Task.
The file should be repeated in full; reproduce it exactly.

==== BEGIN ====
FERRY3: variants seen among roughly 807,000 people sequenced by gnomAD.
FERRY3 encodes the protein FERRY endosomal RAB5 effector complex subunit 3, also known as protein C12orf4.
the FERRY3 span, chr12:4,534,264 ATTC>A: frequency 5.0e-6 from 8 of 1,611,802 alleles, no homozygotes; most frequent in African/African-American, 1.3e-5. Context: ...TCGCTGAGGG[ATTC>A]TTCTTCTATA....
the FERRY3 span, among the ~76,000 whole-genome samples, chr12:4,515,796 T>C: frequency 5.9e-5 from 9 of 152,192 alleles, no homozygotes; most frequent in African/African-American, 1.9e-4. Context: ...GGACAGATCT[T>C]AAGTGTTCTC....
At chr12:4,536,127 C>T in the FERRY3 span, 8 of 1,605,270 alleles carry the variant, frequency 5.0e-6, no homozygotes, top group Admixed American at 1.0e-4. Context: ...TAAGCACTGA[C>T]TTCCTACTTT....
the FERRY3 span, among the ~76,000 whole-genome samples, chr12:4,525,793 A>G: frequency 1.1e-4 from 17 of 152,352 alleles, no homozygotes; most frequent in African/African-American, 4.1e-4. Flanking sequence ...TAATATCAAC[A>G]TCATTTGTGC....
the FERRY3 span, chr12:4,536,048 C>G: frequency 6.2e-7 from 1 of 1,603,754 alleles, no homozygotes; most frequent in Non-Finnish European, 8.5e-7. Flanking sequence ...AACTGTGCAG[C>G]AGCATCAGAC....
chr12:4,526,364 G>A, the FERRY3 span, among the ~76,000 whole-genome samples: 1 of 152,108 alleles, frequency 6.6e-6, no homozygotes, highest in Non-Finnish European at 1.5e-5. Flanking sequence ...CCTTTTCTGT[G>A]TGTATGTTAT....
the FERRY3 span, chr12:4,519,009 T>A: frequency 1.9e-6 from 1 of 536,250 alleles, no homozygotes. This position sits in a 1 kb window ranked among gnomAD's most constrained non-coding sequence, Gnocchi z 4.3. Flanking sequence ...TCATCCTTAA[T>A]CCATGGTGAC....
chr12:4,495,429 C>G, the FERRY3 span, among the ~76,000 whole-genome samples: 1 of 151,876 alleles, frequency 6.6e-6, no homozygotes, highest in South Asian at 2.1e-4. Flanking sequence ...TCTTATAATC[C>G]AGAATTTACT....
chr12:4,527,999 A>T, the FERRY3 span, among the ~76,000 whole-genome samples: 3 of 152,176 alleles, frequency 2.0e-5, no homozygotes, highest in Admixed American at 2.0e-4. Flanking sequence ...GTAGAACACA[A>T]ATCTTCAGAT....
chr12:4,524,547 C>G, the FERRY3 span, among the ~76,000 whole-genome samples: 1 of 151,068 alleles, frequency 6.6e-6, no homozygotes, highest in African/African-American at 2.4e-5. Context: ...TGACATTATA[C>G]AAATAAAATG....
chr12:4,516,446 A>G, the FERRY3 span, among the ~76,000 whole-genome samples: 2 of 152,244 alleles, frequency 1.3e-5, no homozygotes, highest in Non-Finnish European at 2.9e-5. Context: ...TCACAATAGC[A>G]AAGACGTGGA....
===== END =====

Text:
FERRY3: variants seen among roughly 807,000 people sequenced by gnomAD.
FERRY3 encodes the protein FERRY endosomal RAB5 effector complex subunit 3, also known as protein C12orf4.
the FERRY3 span, chr12:4,534,264 ATTC>A: frequency 5.0e-6 from 8 of 1,611,802 alleles, no homozygotes; most frequent in African/African-American, 1.3e-5. Context: ...TCGCTGAGGG[ATTC>A]TTCTTCTATA....
the FERRY3 span, among the ~76,000 whole-genome samples, chr12:4,515,796 T>C: frequency 5.9e-5 from 9 of 152,192 alleles, no homozygotes; most frequent in African/African-American, 1.9e-4. Context: ...GGACAGATCT[T>C]AAGTGTTCTC....
At chr12:4,536,127 C>T in the FERRY3 span, 8 of 1,605,270 alleles carry the variant, frequency 5.0e-6, no homozygotes, top group Admixed American at 1.0e-4. Context: ...TAAGCACTGA[C>T]TTCCTACTTT....
the FERRY3 span, among the ~76,000 whole-genome samples, chr12:4,525,793 A>G: frequency 1.1e-4 from 17 of 152,352 alleles, no homozygotes; most frequent in African/African-American, 4.1e-4. Flanking sequence ...TAATATCAAC[A>G]TCATTTGTGC....
the FERRY3 span, chr12:4,536,048 C>G: frequency 6.2e-7 from 1 of 1,603,754 alleles, no homozygotes; most frequent in Non-Finnish European, 8.5e-7. Flanking sequence ...AACTGTGCAG[C>G]AGCATCAGAC....
chr12:4,526,364 G>A, the FERRY3 span, among the ~76,000 whole-genome samples: 1 of 152,108 alleles, frequency 6.6e-6, no homozygotes, highest in Non-Finnish European at 1.5e-5. Flanking sequence ...CCTTTTCTGT[G>A]TGTATGTTAT....
the FERRY3 span, chr12:4,519,009 T>A: frequency 1.9e-6 from 1 of 536,250 alleles, no homozygotes. This position sits in a 1 kb window ranked among gnomAD's most constrained non-coding sequence, Gnocchi z 4.3. Flanking sequence ...TCATCCTTAA[T>A]CCATGGTGAC....
chr12:4,495,429 C>G, the FERRY3 span, among the ~76,000 whole-genome samples: 1 of 151,876 alleles, frequency 6.6e-6, no homozygotes, highest in South Asian at 2.1e-4. Flanking sequence ...TCTTATAATC[C>G]AGAATTTACT....
chr12:4,527,999 A>T, the FERRY3 span, among the ~76,000 whole-genome samples: 3 of 152,176 alleles, frequency 2.0e-5, no homozygotes, highest in Admixed American at 2.0e-4. Flanking sequence ...GTAGAACACA[A>T]ATCTTCAGAT....
chr12:4,524,547 C>G, the FERRY3 span, among the ~76,000 whole-genome samples: 1 of 151,068 alleles, frequency 6.6e-6, no homozygotes, highest in African/African-American at 2.4e-5. Context: ...TGACATTATA[C>G]AAATAAAATG....
chr12:4,516,446 A>G, the FERRY3 span, among the ~76,000 whole-genome samples: 2 of 152,244 alleles, frequency 1.3e-5, no homozygotes, highest in Non-Finnish European at 2.9e-5. Context: ...TCACAATAGC[A>G]AAGACGTGGA....